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If he isn’t considered the funniest man alive, he’s certainly a contender. Bill Murray’s deadpan style of humor has brought him blockbuster box office and indie accolades, but did you know he also applied it to a how-to book? Cinderella Story: My Life In Golf is a humorous hybrid of how-to and memoir that gives the game the Bill Murray treatment. Anyone looking for an intimate insight on Murray’s life, look elsewhere—the actor frames everything through the game, which frustrated many fans drawn in by the “memoir” aspect that was marketed. To paraphrase Caddyshack, readers won’t receive full consciousness on your deathbed from the book, but it may just improve their game. Murray loyalists got that going for them, which is nice.

Elizabeth Berkley

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Elizabeth Berkely is a symbol for her generation—her performance as Jessie on Saved By The Bell won the hearts of a generation that had yet to lose its innocence to grunge rock and gansta rap. After playing the teen on a mostly forgotten 90s sitcom, doesn’t that qualify Berkley to write a self-help book for teenagers? Ask Elizabeth: Real Answers to Everything You Secretly Wanted to Ask About Love, Friends, Your Body… and Life in General sports the longest title since Fiona Apple’s  record, but it’s diary style question and answer format may just have some useful tips for teenagers…until they hit up IMDB and realize they’re taking advice from the woman who starred in Showgirls. Think of it this way—should anyone without the foresight to turn down the terribly written role of a str1pper character named “Nomi” be giving anyone advice on anything? One shudders to think what their daughter would Ask Elizabeth after watching her career implode in that movie.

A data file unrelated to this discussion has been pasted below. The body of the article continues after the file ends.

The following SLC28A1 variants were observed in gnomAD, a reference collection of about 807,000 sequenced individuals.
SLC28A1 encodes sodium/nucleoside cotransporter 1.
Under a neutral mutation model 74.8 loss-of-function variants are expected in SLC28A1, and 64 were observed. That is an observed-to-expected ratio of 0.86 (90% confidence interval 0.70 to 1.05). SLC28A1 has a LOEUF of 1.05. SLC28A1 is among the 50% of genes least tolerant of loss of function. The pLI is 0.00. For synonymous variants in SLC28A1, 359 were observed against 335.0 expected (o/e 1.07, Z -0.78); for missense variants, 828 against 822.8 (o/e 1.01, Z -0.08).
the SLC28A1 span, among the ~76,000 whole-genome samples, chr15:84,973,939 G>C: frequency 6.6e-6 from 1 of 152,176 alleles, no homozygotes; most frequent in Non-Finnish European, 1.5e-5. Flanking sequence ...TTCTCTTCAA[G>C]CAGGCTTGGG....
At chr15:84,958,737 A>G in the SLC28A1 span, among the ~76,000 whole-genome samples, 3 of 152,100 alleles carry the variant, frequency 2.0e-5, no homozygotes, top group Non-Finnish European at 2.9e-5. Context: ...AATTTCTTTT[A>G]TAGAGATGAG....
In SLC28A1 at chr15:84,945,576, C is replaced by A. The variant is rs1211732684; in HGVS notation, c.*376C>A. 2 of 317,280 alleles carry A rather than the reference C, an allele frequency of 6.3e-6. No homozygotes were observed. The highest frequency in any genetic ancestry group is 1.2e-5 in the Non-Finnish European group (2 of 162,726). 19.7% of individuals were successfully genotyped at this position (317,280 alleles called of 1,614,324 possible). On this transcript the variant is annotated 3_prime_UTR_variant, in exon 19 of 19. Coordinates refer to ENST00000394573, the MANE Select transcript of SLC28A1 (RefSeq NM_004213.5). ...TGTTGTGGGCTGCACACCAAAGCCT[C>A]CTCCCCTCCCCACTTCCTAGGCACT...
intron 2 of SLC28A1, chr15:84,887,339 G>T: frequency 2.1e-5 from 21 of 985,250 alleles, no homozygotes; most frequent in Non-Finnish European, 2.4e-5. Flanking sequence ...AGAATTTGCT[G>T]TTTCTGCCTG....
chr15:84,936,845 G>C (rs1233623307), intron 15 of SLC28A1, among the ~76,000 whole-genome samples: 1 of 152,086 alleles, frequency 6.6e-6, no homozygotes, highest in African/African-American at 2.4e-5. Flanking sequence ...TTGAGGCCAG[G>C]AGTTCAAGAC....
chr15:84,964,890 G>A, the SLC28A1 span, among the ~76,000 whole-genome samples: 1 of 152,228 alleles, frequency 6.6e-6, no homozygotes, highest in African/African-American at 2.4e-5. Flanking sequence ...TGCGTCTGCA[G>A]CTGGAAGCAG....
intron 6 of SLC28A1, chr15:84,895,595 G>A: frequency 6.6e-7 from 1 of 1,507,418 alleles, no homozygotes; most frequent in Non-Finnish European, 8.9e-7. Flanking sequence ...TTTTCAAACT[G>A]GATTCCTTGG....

Amy Sedaris

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Comedian Amy Sedaris is best known for her cult Comedy Central series Strangers With Candy, which introduced the world to Steven Colbert. Since the show ended Sedaris has made quite a splash with how-to books. Simple Times: Crafts For Poor People and I Like You: Hospitality Under The Influence have been hailed by comedy and homemakers alike for being both funny and surprisingly useful. Sure, they’re drenched in kitsch and couldn’t be farther from what you might find in an issue of Simple Living, but few could anticipate Sedaris would meld comedy with practical craft guides so seamlessly.

Roger Ebert